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The future of banking – and government - depends on partnerships

When we think about the leaders in customer service, product design and innovation, we don’t tend to think of banks. We might think of Apple, Amazon, Spotify, Airbnb – but probably not banks.

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Yet that’s exactly the comparison customers make. They want their bank to be intuitive like Spotify, innovate like Apple and offer the experience of Amazon, 24 hours a day.

" We need to think differently, listen more to our customers and be more flexible so we can adapt rapidly to meet their needs.”

When I’m asked about the future of banking, the honest answer is I have no idea what the precise endpoint will look like. What I do know is customers will demand a lot more of banks and if we don’t meet their needs, somebody else will.

We need to think differently, listen more to our customers and be more flexible so we can adapt rapidly to meet their needs.

That’s a challenge we’re tackling every day but it’s not just banks or industry facing such expectations. Governments are also facing escalating demands from citizens.

Why shouldn’t citizens expect their governments to deliver the same seamless, intuitive, innovative services the world leaders in customer service deliver?

Partners

Like banks, governments are facing changing expectations from their citizens and need to respond in a way that’s intuitive, flexible and innovative.

In response, ANZ and the New South Wales state government have struck a partnership which will see the bank provide services across cash management, payments, merchant acquiring and cross-border banking from April 2019.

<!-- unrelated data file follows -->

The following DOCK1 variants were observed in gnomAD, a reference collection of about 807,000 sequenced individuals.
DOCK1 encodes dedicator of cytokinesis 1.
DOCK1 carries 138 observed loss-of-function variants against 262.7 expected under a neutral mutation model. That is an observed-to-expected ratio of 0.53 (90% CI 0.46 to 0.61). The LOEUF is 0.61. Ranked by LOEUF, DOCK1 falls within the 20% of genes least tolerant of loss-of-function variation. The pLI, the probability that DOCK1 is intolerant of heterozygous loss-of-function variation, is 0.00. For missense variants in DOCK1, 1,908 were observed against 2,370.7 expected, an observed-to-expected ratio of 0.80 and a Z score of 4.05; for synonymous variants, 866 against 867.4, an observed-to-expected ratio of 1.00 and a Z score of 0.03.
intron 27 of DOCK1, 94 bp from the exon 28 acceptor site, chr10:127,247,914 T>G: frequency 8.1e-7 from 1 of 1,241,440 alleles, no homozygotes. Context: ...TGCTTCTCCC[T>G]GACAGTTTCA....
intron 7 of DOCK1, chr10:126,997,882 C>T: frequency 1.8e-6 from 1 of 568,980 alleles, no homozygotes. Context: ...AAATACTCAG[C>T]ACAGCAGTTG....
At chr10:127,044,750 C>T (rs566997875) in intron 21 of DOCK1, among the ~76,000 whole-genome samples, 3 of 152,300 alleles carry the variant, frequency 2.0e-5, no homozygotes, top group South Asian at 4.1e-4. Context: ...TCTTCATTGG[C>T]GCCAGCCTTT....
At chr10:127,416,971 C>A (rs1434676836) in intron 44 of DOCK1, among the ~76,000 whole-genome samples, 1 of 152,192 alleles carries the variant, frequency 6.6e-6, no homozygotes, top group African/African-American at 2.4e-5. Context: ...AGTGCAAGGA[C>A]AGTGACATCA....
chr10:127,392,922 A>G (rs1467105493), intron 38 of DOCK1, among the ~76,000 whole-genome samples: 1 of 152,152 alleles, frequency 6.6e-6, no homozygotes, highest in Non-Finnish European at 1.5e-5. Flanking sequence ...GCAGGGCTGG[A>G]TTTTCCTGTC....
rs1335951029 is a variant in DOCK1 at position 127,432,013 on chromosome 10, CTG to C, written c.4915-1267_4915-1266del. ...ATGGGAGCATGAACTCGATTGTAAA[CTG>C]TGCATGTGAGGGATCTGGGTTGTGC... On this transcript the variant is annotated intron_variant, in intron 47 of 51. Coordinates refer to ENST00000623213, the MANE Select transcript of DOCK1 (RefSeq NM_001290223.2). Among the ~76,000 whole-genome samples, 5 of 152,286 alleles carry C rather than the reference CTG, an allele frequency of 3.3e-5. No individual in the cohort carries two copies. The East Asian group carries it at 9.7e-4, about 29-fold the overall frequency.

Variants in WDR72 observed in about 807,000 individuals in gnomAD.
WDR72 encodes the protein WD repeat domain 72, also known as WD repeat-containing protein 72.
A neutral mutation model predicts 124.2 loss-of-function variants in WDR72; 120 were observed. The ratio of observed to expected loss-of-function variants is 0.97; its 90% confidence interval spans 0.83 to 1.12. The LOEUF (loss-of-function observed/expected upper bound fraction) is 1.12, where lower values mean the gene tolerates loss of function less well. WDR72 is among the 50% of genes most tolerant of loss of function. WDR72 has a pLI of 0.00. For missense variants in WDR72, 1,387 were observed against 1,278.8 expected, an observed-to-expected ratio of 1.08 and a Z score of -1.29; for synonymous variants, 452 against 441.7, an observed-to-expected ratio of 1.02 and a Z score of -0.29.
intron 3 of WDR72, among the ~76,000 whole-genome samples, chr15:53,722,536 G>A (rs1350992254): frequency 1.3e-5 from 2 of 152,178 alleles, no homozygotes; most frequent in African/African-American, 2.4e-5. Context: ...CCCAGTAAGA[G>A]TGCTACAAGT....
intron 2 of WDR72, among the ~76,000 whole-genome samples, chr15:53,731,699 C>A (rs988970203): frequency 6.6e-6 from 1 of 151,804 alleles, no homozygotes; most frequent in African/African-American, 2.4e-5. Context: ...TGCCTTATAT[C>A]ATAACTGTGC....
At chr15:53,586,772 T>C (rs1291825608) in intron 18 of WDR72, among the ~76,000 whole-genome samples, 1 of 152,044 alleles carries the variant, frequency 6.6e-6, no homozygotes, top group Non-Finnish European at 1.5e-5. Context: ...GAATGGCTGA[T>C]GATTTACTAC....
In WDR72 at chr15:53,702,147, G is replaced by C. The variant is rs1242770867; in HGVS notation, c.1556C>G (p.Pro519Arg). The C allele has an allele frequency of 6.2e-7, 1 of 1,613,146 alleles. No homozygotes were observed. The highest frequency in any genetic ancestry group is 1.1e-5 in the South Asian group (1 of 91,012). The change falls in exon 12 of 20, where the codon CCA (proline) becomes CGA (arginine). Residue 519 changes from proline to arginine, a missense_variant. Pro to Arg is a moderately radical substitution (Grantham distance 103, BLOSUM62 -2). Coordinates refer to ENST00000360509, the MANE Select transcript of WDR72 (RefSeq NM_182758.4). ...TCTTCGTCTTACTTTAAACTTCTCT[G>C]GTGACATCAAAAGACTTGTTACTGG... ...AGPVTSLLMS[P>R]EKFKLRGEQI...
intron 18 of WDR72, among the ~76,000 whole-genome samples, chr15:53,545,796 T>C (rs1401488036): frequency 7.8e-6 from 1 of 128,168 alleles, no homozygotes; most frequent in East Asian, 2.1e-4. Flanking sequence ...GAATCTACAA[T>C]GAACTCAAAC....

The agreement will see services divided between ANZ and incumbent Westpac. 

The NSW government is progressive in its thinking and ANZ is confident this partnership will draw upon its experience and expertise in digital banking and transformations to help drive the state’s vision for the future.

The deal also makes ANZ an innovation partner to the NSW government, which will leverage the bank’s capability and experience in data analytics, agile methodologies and human-centred design.

Deeper future

ANZ knows the future of the bank depends on deeper partnerships with fintechs, tech companies, other industries and governments - partnerships where the complementary skills of different participants can deliver a step change in joint value creation.

When working with government, ANZ can bring deep experience in digital banking, an understanding of financial ecosystems, expertise in transformations and recognition of the value of relationships.

ANZ’s shared ambition with its partners is to provide seamless (including digital where necessary) services for citizens – who are often our customers as well.

For some time now banks such as ANZ have been adopting new technologies to improve customer service - tech like Apple Pay, the New Payments Platform, banking apps or blockchain-based trade finance.

New technologies and protocols, like APIs and open banking, are emerging and transforming financial relationships. They can also transform the relationships governments have with citizens.